Yankees' DJ LeMahieu, Luke Voit Make History With League-Leading Performances
NEW YORK — A single-season milestone of this caliber is rare for any Major League team. In 2020, however, the Yankees made history with a pair of league-leading performances.
DJ LeMahieu secured the American League batting title on Sunday with yet another multi-hit game—his 19th of the season—going 2-for-3 in a 5-0 Yankees' loss to the Miami Marlins. The infielder finishes the year hitting a remarkable .364 (71-for-195).
Meanwhile, Luke Voit didn't just lead the AL in home runs, his career-high of 22 homers was the most in all of baseball.
"They’ve been the pillars in our lineup. The rocks in our lineup," Yankees' manager Aaron Boone said Sunday afternoon. "I think both guys are worthy of MVP consideration."
This season may have featured a truncated campaign, but LeMahieu and Voit are the first pair of teammates to lead the Majors in batting average and home runs since Hank Aaron and Eddie Mathews of the Milwaukee Braves respectively in 1959.
The Yankees wrapped up their 60-game campaign with a 33-27 record, good for second place in the AL East. Considering New York dealt with a slew of injuries again in 2020, including those that limited sluggers Aaron Judge and Giancarlo Stanton to less than half a season, the duo of LeMahieu and Voit was indispensable to this team's moderate success.
"We’re not getting on a plane and going to the playoffs without the performances of those two guys," Boone said.
With his .364 batting average, LeMahieu captured the second batting title of his career. The 32-year-old finished the season with 10 home runs, 27 RBI, 41 runs scored and a whopping 1.011 OPS, tops in the AL.
"I don’t think it’s really sank in yet but it’s definitely really cool," LeMahieu said. "I wish it was over 162, I wish there were fans in the stands, but it is what it is. I’m definitely proud of it."
Earlier in the season, LeMahieu had explained that focusing on the numbers and where he stood day-to-day in the batting-title race would be more of a distraction than anything else. Now that he's finished the job, he can process just how impressive a feat he was able to pull off for a second time.
"I was trying not to focus on it, just have good at-bats and I think the more it sinks in and the more I talk to people, it’ll be pretty cool," he said.
After winning a National League batting title back in 2016 with the Colorado Rockies, LeMahieu is now just the second player in MLB history, and the first since Hall of Famer Ed Delahanty in 1902, to win a batting title in both leagues.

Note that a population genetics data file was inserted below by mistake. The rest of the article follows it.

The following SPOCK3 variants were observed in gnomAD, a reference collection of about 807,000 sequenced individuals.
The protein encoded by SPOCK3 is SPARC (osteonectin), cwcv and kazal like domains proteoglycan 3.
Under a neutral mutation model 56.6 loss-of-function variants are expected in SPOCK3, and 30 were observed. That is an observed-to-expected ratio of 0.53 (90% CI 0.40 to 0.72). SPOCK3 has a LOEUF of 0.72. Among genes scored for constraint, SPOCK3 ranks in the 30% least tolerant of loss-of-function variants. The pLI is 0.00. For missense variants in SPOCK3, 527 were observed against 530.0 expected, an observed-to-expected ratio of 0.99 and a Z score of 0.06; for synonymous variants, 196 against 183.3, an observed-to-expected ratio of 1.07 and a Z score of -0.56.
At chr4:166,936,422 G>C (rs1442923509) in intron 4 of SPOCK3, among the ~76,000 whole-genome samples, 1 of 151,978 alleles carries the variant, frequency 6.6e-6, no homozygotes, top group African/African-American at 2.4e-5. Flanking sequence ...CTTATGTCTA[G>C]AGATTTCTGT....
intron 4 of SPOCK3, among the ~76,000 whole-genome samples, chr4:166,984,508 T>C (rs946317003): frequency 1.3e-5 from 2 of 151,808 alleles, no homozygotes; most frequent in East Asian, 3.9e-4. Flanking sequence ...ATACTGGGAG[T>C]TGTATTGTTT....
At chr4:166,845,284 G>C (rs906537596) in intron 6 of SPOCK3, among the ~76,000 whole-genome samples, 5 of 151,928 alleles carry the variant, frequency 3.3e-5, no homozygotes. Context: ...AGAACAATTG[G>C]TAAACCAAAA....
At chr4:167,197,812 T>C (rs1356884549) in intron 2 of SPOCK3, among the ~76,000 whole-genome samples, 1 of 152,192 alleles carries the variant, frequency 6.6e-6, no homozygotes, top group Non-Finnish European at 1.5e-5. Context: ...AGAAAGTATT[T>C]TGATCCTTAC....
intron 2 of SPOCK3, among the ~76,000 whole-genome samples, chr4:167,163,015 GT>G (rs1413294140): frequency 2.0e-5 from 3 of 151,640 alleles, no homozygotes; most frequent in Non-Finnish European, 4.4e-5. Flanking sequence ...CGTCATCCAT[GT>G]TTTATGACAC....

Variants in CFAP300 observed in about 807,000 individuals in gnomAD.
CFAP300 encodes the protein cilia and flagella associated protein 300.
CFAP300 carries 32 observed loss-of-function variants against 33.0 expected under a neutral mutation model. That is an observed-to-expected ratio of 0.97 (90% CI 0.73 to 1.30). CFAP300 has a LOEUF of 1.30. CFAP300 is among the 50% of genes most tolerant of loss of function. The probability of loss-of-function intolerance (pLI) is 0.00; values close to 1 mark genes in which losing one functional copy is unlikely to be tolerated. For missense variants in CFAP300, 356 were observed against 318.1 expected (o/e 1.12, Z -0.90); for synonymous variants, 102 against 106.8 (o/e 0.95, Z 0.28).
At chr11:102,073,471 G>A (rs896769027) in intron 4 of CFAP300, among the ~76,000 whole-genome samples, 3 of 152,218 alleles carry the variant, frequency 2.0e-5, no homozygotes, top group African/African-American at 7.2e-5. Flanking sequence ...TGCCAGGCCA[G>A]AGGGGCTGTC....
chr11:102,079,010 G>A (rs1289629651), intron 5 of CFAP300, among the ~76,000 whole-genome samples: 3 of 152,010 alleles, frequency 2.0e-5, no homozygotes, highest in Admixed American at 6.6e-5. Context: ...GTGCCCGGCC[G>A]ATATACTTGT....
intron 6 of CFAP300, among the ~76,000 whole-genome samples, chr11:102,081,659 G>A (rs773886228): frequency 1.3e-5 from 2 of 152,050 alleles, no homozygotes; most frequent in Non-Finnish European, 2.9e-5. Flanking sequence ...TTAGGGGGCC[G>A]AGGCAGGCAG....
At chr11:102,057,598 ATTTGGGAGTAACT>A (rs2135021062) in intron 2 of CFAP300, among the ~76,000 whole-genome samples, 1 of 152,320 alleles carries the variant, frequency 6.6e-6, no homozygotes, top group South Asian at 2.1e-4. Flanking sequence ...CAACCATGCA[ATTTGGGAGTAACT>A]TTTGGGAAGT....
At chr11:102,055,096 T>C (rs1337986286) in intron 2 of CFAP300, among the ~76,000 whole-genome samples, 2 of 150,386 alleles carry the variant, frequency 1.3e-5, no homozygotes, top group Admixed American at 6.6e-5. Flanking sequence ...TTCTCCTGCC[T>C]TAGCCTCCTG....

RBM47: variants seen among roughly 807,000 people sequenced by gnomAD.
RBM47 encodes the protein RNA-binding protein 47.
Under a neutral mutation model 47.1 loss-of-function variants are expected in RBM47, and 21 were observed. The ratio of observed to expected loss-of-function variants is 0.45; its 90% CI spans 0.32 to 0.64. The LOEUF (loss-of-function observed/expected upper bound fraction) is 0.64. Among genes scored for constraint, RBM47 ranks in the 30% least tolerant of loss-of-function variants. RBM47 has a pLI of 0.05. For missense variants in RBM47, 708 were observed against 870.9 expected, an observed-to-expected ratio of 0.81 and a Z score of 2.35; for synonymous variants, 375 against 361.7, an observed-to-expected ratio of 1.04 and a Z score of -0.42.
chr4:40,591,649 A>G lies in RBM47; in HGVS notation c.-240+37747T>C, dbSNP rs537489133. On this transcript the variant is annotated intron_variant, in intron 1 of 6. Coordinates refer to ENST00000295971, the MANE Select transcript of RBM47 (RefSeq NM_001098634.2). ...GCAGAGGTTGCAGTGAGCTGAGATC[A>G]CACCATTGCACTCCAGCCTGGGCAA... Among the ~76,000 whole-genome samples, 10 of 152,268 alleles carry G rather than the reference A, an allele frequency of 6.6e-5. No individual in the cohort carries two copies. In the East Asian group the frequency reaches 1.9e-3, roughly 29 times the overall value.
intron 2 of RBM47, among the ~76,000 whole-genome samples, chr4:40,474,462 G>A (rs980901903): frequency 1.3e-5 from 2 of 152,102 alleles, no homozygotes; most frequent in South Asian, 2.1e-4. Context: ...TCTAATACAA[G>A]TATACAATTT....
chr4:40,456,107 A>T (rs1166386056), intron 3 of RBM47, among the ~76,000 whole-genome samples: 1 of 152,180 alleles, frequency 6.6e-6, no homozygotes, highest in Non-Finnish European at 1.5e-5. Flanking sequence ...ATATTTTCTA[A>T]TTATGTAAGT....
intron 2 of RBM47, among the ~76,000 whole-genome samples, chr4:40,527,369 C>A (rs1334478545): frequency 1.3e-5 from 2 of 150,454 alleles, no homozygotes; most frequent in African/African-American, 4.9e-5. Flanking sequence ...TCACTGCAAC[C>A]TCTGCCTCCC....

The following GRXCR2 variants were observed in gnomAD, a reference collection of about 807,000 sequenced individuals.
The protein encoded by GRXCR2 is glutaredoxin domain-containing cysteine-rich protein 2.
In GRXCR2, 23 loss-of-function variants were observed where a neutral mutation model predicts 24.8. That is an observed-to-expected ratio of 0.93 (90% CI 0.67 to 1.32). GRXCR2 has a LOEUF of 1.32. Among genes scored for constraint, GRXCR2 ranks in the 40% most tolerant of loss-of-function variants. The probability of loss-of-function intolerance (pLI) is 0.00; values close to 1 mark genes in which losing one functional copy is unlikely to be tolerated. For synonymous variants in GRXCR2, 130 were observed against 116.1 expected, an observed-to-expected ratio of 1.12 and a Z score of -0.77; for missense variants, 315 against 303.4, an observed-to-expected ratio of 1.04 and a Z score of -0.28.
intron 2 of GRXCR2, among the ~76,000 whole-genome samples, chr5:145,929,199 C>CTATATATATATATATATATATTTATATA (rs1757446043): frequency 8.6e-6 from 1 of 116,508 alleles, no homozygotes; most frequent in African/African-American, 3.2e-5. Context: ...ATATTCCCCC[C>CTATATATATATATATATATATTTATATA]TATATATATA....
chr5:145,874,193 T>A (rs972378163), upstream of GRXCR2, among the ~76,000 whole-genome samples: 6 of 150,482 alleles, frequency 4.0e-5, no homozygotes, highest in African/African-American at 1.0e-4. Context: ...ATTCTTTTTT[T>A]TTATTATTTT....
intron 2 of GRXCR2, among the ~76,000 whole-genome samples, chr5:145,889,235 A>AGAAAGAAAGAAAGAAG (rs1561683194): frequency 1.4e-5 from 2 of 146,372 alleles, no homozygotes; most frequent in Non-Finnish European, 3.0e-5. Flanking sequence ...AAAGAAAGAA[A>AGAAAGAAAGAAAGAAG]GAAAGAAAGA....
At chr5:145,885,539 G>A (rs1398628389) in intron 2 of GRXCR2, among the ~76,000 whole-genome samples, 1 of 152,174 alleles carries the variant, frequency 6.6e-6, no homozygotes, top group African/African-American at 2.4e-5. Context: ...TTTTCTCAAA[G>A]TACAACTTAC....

LeMahieu is the fourth player in Yankees franchise history to lead the Majors in batting average in a single season joining an illustrious trio: Mickey Mantle (.353 BA in 1956), Joe DiMaggio (.381 in 1939) and Lou Gehrig (.363 BA in 1934).
The last Yankee to win a batting title was Bernie Williams in 1998. After LeMahieu and Williams, only seven others have won a batting title in franchise history.
Speaking of legends that have donned pinstripes, check out the names that Voit now joins by leading the Majors in home runs.
The slugging first baseman is just the eighth Yankee to ever lead the Majors in the home run department. Alex Rodriguez (2007), Roger Maris (1961), Mantle (1956), DiMaggio (1937) and Wally Pipp (1916) have all led baseball in homers once while Lou Gehrig (1931, '34, '36)) and Babe Ruth (1920-21, '24, '26-29) have multiple home run crowns to their name.
"I’ve been trying to transform myself into a better power hitter," Voit said on Saturday after hitting his 22nd and final dinger of the season. "This year was another stepping stone for me. It was fun and the goal is to keep it going in the playoffs."
Although Voit was held homerless in Sunday's regular-season finale, it's still fair to say he capped off his career year on a high note. Voit mashed eight homers in his final 16 games, pulling away from Chicago's Jose Abreu who finished second in baseball with 19.
The 29-year-old ended the season ranked fourth in the Majors in RBI (52) and sixth in slugging (.610) while finishing in the top 10 in the American League with 41 runs and a .948 OPS. His previous career-high in home runs was 21, set this past season in 510 plate appearance. This year, he hit 22 in only 234 trips to the plate.
His league-leader teammate said Voit deserves all possible praise and accolades for his performance.
"Not only did he hit a bunch of homers, but he had some huge homers for us and really carried us this year. He’s a complete hitter, he’s not just a home run hitter." LeMahieu explained. "He definitely takes big swings, but he has a great approach the other way, gets tough RBIs in situations and obviously the home runs speak for themselves so I’m really happy for him."
As for the group of Yankee legends Voit is now associated with in the history books, the first baseman called it an honor. He recalled having a life-size poster of Babe Ruth that one of his neighbors had gifted him when he was growing up.
"I've always admired the Babe," he said. "That guy hit 700 home runs. That means I’ve got to start hitting like 150 a year to catch up to him. That’s never going to happen but hopefully I can stay in that category with them."
After a hectic day across the league, the Yankees will play the Cleveland Indians on the road in the first round of the postseason. Game 1 of the Wild Card round begins on Tuesday evening.
While it remains to be seen where LeMahieu and Voit will land in the AL MVP race, one thing is for certain. If the Bombers hope to survive and advance in October, this duo's success from the regular season will need to carry into the playoffs.
"I think we have the best team in the league still. Definitely the most talented," LeMahieu said. "I know for the playoffs were going to be extremely focused and ready to go."
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